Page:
In 2016, new International Marine Organization [IMO] certification standards will kick in for Arctic ship operators.
Anything north of latitude 60 is considered the Arctic. That means most of Alaska, and the training can be used in all areas – for Cook Inlet oil rigs and Valdez Arm tanker traffic for example. But the far North is a different story. North of the Arctic Circle there are few aids to navigation. Floating and coastal aids are seasonal, charts are not the most accurate and the only real time weather info comes from weather stations at Nome or Red Dog Mine. Navigators there need a specialized background.
AVTEC, Alaska’s institute of technology has invested in simulators to train these new specialized navigators.
Mike Angove, is the simulator engineer at AVTEC. He says the simulators are Norwegian built, at a cost of $2. 5 million.
“They are the top of the line, they are the best in the world, because they got the mathematics correct. It’s what makes our simulators special when compared with other simulators.”
The school has put one million dollars into them since acquiring the simulators, and is looking for further support from the industry. They can be used by individuals, but they can handle groups of 18 at a time for interactive sessions
“We have three full mission bridges that can work interactively in the same exercise. Meaning that, for example, one can be the ship, say an oil tanker and the two others can be tug boats, and we can put hausers or lines between the tug boats and the ship and have an interactive exercise of tug escorg maneuvers and certain maneuvers that are difficult, dangerous and expensive to perform in real life.”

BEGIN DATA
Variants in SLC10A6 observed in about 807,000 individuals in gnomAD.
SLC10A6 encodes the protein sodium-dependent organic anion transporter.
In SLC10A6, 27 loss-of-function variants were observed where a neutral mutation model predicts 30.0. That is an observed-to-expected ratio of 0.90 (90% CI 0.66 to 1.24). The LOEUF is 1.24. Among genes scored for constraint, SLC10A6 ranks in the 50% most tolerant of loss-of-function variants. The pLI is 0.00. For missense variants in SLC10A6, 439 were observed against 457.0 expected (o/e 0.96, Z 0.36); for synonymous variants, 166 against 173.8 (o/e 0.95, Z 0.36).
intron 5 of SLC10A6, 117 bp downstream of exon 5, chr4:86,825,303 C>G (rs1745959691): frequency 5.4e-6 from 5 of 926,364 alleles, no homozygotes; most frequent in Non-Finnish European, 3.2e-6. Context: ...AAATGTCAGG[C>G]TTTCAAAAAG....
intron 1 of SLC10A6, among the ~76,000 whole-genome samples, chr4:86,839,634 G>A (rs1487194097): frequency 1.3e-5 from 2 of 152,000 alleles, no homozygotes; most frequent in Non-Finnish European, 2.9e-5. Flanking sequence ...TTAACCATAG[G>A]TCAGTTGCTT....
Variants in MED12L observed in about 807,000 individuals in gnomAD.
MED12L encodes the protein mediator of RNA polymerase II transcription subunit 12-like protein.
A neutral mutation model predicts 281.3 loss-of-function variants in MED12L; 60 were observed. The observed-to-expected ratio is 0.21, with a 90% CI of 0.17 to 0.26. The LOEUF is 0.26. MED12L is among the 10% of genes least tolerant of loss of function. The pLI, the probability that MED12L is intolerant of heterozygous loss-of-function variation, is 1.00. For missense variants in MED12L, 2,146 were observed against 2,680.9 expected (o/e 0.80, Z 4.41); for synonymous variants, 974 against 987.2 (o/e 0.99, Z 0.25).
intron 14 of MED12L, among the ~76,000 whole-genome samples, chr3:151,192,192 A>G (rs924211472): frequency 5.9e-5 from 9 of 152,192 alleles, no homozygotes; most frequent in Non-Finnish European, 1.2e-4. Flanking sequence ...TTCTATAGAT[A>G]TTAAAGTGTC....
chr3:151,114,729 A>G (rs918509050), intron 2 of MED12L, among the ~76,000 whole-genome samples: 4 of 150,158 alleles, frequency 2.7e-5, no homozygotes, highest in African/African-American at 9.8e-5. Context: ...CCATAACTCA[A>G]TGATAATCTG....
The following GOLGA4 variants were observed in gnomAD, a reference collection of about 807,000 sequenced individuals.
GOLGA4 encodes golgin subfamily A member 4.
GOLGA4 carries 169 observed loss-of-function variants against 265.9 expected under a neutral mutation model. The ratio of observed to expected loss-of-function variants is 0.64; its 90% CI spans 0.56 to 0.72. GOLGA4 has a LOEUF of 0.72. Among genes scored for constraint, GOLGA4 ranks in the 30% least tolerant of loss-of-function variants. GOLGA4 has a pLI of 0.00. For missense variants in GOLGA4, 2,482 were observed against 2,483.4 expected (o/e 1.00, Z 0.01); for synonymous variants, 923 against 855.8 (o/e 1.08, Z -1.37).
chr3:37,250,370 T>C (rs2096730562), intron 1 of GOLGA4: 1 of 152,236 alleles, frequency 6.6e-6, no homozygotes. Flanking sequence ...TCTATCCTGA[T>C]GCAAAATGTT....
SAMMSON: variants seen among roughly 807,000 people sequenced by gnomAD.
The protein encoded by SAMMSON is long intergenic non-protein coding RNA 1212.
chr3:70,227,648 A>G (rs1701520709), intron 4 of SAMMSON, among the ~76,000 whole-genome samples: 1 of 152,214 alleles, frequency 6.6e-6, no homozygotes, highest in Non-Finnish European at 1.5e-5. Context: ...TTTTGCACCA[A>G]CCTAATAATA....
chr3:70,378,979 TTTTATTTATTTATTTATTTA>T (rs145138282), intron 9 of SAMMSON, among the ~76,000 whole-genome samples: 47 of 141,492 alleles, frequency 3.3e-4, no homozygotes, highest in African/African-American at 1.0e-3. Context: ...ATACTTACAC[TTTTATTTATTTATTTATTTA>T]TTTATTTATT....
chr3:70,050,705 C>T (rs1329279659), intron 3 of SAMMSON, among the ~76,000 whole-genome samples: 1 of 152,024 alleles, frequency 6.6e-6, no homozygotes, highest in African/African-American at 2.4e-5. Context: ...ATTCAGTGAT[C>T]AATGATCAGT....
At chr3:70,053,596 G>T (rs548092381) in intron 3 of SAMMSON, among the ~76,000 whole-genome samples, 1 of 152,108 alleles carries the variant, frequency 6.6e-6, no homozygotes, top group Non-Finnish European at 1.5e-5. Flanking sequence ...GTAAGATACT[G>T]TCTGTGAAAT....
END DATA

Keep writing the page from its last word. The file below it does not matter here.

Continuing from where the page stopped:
Inside the simulators it’s like a real experience at the helm. Computer programs change the view outside from day to night, or from calm to choppy seas and an operator has to meet maneuvering challenges to avoid obstacles of all kinds. The simulators can mimic conditions at all of the state’s largest ports. Inside, Hamilton brings the simulated ship to the Valdez oil terminal.
Read the full story at KSKA: AVTEC To Offer Nation’s First Ice Navigation Course
- Polls show the presidential race is unusually tight in Alaska. Juneau residents attending two election events shared their opinions on the polls and the candidates.
- A new weather station installed on Mt. Ripinsky last month is now relaying data on weather conditions that could help hikers, climbers and skiers prepare for bad weather -- especially avalanches.
- Kids attending the Homer Folk School learn everything from making apple juice to building kayaks.
- Bethel has made more than a quarter of a million dollars from its 12 percent sales tax on alcohol since legal alcohol sales began in April.